Description: TEDELETE removes the text which has previously been selected in the edit field indicated by the WINDOW(6) function. The text which is deleted is not recoverable.


Syntax: TEINSERT SADD(string ), LEN (string ), WINDOW(6)

Description: TEINSERT takes the specified string and inserts it at the insertion point of the edit field indicated by the WINDOW(6) function. Any selected text is not replaced by the newly inserted text. Use TEDELETE to delete selected text.


Syntax: TEKEY key , WINDOW(6)

Description: TEKEY replaces the selection range with the character key typed at the keyboard. If the selection range is an insertion point then the character is inserted. All types of characters (normal and control characters) are inserted so your routine should filter out any unwanted characters. TEKEY re-draws the text as necessary. It is not clear if this can be used with an Edit field in Basic, since the Edit field statement prevents INKEY$ from allowing you to get single keystrokes from the keyboard. The only apparent way to get text typed by the user during an active Edit field statement is to use EDIT$, which returns the entire string contents of the text edit record.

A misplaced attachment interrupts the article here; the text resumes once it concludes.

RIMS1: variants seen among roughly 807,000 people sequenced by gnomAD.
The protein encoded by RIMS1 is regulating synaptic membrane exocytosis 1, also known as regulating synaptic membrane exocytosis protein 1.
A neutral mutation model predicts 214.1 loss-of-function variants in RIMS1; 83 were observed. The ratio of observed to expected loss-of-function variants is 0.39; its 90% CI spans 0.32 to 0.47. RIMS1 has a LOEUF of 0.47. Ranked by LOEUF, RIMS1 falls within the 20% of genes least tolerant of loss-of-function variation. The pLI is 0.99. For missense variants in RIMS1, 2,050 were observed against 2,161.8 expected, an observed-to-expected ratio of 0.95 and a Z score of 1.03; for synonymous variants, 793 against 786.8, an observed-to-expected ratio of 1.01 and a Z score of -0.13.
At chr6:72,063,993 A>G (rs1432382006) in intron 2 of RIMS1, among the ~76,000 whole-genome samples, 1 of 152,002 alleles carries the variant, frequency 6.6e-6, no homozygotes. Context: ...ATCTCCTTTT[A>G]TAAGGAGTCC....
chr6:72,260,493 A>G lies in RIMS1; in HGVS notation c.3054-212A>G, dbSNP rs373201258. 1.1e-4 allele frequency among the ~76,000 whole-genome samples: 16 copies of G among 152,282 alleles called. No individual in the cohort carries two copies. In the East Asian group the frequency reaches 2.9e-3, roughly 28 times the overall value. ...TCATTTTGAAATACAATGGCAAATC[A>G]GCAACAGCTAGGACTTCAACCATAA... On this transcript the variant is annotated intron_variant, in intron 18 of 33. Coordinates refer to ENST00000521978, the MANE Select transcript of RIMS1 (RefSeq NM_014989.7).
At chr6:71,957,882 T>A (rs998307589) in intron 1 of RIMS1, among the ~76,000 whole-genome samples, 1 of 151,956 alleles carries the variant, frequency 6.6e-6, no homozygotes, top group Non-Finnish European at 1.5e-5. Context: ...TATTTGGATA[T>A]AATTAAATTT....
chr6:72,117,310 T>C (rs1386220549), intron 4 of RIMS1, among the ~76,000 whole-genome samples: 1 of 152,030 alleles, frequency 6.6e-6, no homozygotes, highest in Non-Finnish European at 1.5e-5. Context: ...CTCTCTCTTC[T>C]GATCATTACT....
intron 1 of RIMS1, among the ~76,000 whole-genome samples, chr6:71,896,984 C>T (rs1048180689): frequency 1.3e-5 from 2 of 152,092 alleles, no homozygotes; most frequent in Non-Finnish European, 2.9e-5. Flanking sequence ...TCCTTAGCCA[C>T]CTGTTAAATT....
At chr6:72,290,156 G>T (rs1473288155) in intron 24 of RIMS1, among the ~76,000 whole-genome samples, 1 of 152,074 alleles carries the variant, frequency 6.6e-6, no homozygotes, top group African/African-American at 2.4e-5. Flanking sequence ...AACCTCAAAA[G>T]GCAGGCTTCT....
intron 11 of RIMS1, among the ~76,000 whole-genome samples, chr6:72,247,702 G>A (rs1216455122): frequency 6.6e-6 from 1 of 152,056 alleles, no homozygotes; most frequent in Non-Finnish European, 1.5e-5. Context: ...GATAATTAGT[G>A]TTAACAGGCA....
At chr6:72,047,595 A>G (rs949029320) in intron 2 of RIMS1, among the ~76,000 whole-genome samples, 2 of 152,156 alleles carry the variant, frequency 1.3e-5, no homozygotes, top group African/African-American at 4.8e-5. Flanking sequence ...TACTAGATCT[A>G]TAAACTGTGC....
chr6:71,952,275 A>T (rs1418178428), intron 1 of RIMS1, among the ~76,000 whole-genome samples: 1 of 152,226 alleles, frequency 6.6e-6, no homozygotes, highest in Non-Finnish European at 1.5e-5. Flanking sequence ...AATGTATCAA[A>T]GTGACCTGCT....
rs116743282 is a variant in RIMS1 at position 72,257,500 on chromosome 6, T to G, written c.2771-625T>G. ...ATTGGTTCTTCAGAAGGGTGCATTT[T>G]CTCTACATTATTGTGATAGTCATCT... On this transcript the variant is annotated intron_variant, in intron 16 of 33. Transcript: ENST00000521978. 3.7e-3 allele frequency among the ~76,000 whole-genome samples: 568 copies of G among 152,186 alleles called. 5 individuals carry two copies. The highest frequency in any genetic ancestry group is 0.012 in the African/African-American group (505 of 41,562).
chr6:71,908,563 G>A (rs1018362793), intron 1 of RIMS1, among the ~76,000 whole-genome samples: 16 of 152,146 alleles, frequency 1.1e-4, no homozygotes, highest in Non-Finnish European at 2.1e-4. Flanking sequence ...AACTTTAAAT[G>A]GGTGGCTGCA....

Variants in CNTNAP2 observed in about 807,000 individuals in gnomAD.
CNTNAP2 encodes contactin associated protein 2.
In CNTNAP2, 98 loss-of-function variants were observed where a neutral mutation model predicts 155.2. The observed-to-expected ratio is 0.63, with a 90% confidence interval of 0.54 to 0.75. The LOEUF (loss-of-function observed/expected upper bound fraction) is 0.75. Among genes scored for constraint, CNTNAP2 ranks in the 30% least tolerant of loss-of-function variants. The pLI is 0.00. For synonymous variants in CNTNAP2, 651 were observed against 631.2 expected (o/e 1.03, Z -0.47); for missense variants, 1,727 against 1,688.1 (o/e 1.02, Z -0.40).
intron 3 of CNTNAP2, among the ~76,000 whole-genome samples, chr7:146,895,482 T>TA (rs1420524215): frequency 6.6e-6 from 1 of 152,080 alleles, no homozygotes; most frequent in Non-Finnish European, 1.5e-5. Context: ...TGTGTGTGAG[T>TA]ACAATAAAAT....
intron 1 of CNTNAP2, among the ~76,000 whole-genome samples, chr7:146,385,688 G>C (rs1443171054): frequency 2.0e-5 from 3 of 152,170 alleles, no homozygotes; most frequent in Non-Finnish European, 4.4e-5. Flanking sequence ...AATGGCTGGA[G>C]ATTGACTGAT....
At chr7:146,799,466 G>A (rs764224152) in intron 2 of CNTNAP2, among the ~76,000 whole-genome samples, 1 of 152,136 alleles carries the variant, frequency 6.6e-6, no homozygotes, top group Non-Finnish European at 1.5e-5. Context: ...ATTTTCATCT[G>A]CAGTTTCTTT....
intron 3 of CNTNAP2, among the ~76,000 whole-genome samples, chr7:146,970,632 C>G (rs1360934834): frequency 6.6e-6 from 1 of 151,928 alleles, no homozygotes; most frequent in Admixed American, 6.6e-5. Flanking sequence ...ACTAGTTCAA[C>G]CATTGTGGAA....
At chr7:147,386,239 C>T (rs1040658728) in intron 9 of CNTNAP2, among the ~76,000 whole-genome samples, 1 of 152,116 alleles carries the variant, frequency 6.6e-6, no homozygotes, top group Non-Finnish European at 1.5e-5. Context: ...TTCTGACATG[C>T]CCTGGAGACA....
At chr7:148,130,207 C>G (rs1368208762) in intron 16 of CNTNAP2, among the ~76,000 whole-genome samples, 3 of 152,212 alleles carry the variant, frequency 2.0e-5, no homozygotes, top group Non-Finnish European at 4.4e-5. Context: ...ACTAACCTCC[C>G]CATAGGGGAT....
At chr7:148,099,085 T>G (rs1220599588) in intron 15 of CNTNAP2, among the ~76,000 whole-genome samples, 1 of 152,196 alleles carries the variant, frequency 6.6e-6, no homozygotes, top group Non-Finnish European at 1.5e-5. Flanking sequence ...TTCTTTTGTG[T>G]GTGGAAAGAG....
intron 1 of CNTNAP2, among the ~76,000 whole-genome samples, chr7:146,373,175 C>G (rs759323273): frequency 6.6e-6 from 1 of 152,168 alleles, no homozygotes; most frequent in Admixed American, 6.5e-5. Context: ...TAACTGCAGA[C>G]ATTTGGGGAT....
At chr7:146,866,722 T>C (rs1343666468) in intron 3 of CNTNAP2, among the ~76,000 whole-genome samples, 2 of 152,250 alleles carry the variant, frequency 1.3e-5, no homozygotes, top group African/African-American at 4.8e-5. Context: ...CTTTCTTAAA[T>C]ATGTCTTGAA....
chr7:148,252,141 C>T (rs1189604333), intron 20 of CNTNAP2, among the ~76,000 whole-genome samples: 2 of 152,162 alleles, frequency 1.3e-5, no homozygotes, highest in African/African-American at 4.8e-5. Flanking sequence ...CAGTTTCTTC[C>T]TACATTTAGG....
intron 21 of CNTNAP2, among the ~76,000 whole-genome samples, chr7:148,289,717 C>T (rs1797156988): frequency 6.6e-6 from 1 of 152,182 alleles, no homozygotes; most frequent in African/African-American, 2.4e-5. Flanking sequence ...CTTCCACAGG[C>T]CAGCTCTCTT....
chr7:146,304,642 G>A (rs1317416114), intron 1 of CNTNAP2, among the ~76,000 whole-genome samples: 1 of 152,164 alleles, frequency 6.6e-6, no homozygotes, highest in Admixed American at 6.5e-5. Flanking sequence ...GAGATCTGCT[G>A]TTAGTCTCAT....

Syntax: TESCROLL horiz, vert, WINDOW(6)

Description: TESCROLL scrolls the text within the edit field specified by WINDOW(6) by the number of pixels specified by horiz and vert parameters. Positive parameters move the text to the right and down. Negative parameters move the text to the left and up. See Inside Macintosh for more information.


Syntax: TESETSELECT selStart, selEnd, WINDOW(6)

Description: TESETSELECT sets the selection range of the edit field text indicated by the WINDOW(6) function. The old text selection is unhighlighted and the text between selstart and selend is highlighted. Selstart and Selend can range from 0 to 32767. If Selend is beyond the last character of text, the position just past the last character is used.